Activism, fundraising and security online: facets of the feminist cyborg

By Flavia Fascendini Publisher: APCNews    

On December 3 and 5, a webinar on ‘Feminist Cyborgs: Activism, Fundraising and Security Online’ took place, hosted by the African Feminist Forum (AFF) and the Association for Progressive Communications (APC).

This webinar examined the idea of the feminist cyborg. The feminist cyborg is at home both online and offline, and her activism is reflected in her online life (whether it is through blogs, tweets and general online presence) as well as in what she does offline (working for a feminist organization, working with women’s rights organizations and social justice movements, or in progressive media).

The first of the panelists was Jan Moolman from South Africa, project coordinator of the Women’s Rights Programme at APC, who spoke on online security and violence against women in online spaces. You can read her presentation here .

Moolman mentioned that the internet and ICTs provide critical spaces and opportunities to exercise freedoms, claim rights, perform identities, take action, connect, and show solidarity. While more women’s rights organisations and individual women are using the internet and other ICTs, there are growing incidences of technology-related violence against women and general threats to safety and security, she said. The most common threats in online spaces include cyber stalking, sexual harassment, privacy violations and the manipulation of personal information including images and videos. These affect how we work, play, and love, Moolman pointed out.

She shared some stories such as She’s begging to be raped , Digital Security: Drop-in centre of Ugandan sex worker organisation raided , Danger and opportunity: ICTs and women human rights defenders , and Take Back the Tech! But know the risks first .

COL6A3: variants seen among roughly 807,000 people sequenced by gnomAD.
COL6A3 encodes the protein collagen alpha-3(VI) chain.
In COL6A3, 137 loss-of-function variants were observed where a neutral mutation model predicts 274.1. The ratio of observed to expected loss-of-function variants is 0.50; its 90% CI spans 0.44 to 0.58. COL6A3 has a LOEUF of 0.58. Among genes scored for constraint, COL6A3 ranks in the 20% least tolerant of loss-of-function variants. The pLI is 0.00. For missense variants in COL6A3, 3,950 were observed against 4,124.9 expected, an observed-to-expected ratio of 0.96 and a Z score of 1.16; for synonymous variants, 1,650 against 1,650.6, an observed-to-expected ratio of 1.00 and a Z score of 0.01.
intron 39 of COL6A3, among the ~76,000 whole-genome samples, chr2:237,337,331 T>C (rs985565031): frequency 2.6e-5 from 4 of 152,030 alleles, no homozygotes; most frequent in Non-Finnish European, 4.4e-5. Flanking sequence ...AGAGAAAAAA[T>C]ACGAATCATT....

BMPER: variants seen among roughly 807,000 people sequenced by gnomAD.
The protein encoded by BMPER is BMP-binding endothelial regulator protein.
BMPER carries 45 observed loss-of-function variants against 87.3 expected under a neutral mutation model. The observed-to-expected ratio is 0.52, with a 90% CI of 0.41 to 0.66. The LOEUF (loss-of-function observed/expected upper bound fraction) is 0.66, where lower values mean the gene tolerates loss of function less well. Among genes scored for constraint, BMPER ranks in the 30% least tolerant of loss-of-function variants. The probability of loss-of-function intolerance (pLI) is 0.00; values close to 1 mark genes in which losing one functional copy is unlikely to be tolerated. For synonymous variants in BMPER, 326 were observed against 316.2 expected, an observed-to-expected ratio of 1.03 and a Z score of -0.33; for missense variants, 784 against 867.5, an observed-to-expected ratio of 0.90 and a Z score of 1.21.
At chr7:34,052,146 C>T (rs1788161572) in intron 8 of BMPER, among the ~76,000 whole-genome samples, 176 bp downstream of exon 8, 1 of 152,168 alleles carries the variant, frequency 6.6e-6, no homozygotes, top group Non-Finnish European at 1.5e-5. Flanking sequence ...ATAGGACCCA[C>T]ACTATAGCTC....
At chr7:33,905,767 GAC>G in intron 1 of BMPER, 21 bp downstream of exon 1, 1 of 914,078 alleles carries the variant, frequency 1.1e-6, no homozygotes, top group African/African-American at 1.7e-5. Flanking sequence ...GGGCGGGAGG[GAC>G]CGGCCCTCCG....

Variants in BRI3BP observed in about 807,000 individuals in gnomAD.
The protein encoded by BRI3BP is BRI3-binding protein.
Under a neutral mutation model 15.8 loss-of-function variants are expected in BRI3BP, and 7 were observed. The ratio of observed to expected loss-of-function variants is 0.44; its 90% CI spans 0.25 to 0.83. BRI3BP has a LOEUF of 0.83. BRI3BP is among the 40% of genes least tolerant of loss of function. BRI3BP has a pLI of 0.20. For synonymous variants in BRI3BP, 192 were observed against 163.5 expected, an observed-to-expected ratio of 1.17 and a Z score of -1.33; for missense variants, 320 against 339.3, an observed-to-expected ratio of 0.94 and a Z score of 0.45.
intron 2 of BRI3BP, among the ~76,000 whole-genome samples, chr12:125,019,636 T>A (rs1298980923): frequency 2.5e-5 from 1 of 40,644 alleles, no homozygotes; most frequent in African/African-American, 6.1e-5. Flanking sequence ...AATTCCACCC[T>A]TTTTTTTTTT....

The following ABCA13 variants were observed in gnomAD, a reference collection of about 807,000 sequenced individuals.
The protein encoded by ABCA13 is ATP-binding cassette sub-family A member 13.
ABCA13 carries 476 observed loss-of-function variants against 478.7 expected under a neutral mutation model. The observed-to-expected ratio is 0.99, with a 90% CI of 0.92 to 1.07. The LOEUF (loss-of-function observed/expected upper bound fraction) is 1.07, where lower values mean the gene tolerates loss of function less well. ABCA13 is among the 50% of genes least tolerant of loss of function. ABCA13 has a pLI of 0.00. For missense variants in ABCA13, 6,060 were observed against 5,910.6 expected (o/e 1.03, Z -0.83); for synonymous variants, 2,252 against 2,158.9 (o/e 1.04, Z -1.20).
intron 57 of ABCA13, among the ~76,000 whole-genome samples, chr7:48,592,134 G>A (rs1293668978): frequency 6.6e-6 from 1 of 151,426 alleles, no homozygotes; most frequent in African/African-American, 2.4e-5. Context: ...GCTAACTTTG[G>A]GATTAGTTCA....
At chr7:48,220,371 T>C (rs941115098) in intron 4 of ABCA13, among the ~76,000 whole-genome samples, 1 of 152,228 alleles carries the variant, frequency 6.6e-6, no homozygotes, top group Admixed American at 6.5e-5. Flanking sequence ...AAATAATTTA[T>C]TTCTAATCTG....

Jan also shared with the attendees some tips to keep online spaces safe, such as using https, TOR, increasing password safety, and thinking about the kind of images you are sharing with other people. She stressed that it is extremely important to recognise that context matters, as well as to know the tools you are using, to know the risks they entail, and to know your rights to defend yourself.

Next was Yara Sallam, Women Human Rights Defenders program manager for Nazra for Feminist Studies, who spoke about her experiences of activism in Egypt, and concerns around online activism. You can read her presentation here .

The third and last panelist was Spectra Asala, queer Nigerian afrofeminist writer and media activist, who shared her experiences of fundraising online to raise money to deliver training to LGBTIQ and women’s rights organizations in South Africa. You can read her presentation here .

Nana Darkoa Sekyiamah from the African Women’s Development Fund facilitated the webinar.

The webinar was repeated on 5th December with French translation. On that occasion, Francoise Mukuku from Democratic Republic of Congo replaced Jan Moolman and spoke on online security and violence against women in online spaces.

A live blog kept track of the most outstanding ideas and suggestions made by the panelists . You can also check the timeline for @GenderITorg and check the hashtags #takebackthetech and #afrifem to follow some of the conversations that took place via Twitter.

Useful resources:

Take Back the Tech
Tactical Tech’s Me and My Shadow
Connect Your Rights
Voices from digital spaces: Technology related violence against women

Other articles related to the event:

African Feminist Forum
I am An African Feminist Cyborg: Activism, Fundraising and Security Online
Crowdfunding for Activists: 5 Tips for Creating Successful Online Fundraising Campaigns .

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